How interest rate cuts will affect housing market

Q: What’s up with interest rates?

A: Last week, the Fed announced another anticipated interest rate cut, the third since July, and again by a quarter point adding to the 1.5 percent to 1.75 percent range.

The Fed will continue to watch the economic landscape, which it says has a strong labor market and activity that has been rising at a moderate rate, and expects to proceed as planned to sustain growth.

“We see the current stance of monetary policy as likely to remain appropriate as long as incoming information about the state of the economy remains broadly consistent with our outlook,” Federal Reserve chair Jerome Powell told reporters.

He also said that there could be a shift in future policy that would pause interest rate cuts.

According to a new Fed rate survey, 71 percent were in favor of a cut before the decision was made and 57 percent believed it would benefit the economy. The report suggests the rate cut will not significantly impact loan originations and housing purchases, as historical data shows the Fed’s rate hikes have more influence than interest rate cuts.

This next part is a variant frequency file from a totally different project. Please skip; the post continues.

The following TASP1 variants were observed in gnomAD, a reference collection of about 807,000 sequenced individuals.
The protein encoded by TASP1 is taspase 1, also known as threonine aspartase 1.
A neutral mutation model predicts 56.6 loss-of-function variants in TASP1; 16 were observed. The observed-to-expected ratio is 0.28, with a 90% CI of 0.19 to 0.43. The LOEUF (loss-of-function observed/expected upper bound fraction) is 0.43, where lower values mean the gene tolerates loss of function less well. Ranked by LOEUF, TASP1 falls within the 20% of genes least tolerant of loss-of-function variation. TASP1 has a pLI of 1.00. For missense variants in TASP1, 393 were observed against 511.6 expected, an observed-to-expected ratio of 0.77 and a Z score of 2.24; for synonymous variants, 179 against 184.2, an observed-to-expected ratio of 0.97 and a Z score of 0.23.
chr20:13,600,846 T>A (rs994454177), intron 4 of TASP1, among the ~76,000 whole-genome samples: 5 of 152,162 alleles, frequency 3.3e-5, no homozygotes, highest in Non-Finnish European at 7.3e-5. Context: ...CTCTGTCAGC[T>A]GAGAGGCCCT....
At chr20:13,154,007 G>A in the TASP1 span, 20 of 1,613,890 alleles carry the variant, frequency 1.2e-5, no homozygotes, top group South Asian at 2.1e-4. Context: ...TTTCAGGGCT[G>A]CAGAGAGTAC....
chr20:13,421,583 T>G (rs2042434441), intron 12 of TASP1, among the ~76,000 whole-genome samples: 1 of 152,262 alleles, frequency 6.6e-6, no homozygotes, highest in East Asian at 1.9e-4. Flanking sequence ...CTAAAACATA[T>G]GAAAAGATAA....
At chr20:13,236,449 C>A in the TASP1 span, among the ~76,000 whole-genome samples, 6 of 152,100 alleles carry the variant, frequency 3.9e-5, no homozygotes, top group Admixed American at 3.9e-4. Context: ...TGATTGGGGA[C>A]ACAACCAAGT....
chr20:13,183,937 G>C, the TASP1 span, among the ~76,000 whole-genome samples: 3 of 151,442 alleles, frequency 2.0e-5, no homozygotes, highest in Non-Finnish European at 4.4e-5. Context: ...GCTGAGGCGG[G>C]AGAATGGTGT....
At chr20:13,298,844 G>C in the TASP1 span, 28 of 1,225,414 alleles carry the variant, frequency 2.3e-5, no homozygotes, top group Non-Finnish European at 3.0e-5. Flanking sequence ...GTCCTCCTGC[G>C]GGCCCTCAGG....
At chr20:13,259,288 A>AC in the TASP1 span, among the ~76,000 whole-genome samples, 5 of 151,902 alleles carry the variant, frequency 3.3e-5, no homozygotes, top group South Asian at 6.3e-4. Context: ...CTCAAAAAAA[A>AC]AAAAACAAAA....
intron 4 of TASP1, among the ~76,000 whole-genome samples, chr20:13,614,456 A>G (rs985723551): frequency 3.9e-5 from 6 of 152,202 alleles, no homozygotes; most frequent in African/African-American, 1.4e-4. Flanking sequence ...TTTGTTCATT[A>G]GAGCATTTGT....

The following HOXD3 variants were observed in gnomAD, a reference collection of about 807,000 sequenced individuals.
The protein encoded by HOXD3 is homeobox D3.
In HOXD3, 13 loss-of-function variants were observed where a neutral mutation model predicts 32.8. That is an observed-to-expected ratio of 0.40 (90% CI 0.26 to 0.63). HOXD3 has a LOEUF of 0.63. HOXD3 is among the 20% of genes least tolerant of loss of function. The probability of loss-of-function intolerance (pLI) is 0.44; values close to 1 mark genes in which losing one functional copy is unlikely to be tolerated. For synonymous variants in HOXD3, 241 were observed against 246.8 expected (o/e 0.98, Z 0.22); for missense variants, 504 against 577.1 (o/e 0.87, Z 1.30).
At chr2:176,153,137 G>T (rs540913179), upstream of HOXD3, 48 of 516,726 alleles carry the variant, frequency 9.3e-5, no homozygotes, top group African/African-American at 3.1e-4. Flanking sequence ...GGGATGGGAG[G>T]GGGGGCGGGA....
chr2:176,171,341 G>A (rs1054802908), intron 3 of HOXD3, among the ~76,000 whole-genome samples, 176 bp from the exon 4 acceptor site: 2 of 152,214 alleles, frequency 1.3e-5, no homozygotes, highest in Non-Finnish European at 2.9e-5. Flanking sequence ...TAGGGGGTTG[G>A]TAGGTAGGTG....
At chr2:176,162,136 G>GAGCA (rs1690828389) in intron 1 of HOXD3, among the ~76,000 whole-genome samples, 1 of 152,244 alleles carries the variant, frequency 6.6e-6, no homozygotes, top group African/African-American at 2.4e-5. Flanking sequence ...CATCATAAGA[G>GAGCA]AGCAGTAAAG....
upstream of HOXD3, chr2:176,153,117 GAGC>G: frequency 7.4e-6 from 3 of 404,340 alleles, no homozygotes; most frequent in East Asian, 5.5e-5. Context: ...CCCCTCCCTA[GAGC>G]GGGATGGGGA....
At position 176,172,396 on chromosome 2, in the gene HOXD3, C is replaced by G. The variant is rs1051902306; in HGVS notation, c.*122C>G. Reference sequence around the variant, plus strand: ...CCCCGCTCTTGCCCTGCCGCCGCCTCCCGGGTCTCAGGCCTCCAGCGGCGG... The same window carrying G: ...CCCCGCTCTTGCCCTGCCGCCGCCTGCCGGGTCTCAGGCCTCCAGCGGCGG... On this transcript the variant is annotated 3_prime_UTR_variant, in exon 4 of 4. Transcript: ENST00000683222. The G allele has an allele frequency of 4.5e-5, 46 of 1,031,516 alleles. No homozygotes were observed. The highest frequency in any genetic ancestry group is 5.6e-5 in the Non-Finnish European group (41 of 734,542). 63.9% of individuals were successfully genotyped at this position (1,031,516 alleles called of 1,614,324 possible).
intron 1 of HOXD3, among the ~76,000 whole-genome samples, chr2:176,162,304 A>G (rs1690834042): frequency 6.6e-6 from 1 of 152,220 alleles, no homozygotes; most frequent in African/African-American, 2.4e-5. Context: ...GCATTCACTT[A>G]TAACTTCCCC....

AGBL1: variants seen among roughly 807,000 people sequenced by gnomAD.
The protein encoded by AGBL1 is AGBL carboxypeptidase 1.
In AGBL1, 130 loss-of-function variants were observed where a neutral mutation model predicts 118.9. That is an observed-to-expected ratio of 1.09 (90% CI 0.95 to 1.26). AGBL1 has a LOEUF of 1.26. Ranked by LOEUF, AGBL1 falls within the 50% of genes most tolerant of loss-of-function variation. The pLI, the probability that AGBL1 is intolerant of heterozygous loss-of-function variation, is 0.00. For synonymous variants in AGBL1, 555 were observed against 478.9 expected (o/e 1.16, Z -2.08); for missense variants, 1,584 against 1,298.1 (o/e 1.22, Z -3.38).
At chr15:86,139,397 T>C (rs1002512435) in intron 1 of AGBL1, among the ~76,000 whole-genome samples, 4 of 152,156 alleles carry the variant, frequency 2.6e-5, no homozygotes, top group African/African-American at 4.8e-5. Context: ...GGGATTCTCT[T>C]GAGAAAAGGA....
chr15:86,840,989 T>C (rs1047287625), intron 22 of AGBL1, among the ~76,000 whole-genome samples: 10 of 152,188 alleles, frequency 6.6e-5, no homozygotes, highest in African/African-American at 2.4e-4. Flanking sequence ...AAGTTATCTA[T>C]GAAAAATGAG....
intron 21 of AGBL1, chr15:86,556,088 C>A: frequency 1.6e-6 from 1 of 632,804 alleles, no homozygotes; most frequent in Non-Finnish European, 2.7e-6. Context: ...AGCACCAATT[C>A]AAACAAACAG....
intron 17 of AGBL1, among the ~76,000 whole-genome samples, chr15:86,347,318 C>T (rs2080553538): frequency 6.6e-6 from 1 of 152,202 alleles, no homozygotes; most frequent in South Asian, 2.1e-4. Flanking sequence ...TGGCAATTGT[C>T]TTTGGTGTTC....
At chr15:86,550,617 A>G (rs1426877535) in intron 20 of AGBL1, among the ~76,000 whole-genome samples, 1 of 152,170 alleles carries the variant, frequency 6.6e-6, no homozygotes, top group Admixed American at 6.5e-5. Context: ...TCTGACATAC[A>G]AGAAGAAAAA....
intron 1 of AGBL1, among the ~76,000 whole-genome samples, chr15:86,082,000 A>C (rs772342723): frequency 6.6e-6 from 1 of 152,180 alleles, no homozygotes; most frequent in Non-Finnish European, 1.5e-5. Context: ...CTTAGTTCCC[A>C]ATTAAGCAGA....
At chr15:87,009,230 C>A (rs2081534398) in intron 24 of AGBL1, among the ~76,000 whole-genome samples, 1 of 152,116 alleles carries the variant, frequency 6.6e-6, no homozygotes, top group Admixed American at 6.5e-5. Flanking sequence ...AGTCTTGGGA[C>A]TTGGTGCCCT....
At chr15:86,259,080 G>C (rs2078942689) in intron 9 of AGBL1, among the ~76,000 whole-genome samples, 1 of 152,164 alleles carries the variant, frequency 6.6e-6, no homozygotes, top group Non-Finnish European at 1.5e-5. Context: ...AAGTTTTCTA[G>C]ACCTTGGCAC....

Though it might seem surprising, housing purchases increase with rising interest rates. The cuts, though, increase confidence in the economy.

I feel this is good news for the housing market, at least for the near future.

Q: Will it be a buyers’ or sellers’ market in 2020?

A: I would consider 2020 to be a balanced market. Prices remain quite high and inventory is still a little tight, so buyers can take advantage of lower interest rates and sellers can take advantage of the fact that inventory is still low.
According to a National Association of Realtors survey, 63 percent of buyers feel optimistic. As for confidence, 52 percent believe the economy is stable.

The association anticipates 2020 to continue to shift away from a sellers’ market, especially if the gross domestic product (GDP) slows and inventory ticks up.

If the property is priced right, it can still be a sellers’ market. Appreciation will still occur at the lower price points. As people look at the limit on tax deductibility of mortgage interest, state and local taxes and property tax, the upper-end price projection is less optimistic. On the lower end, demand will remain solid, given that we have low rates and job creation.

People buy homes because they’re both an investment and a place to live. Right now, if you find a property and bargain aggressively to get a good price, you should move there and stay for a long period of time. Then enjoy your home.

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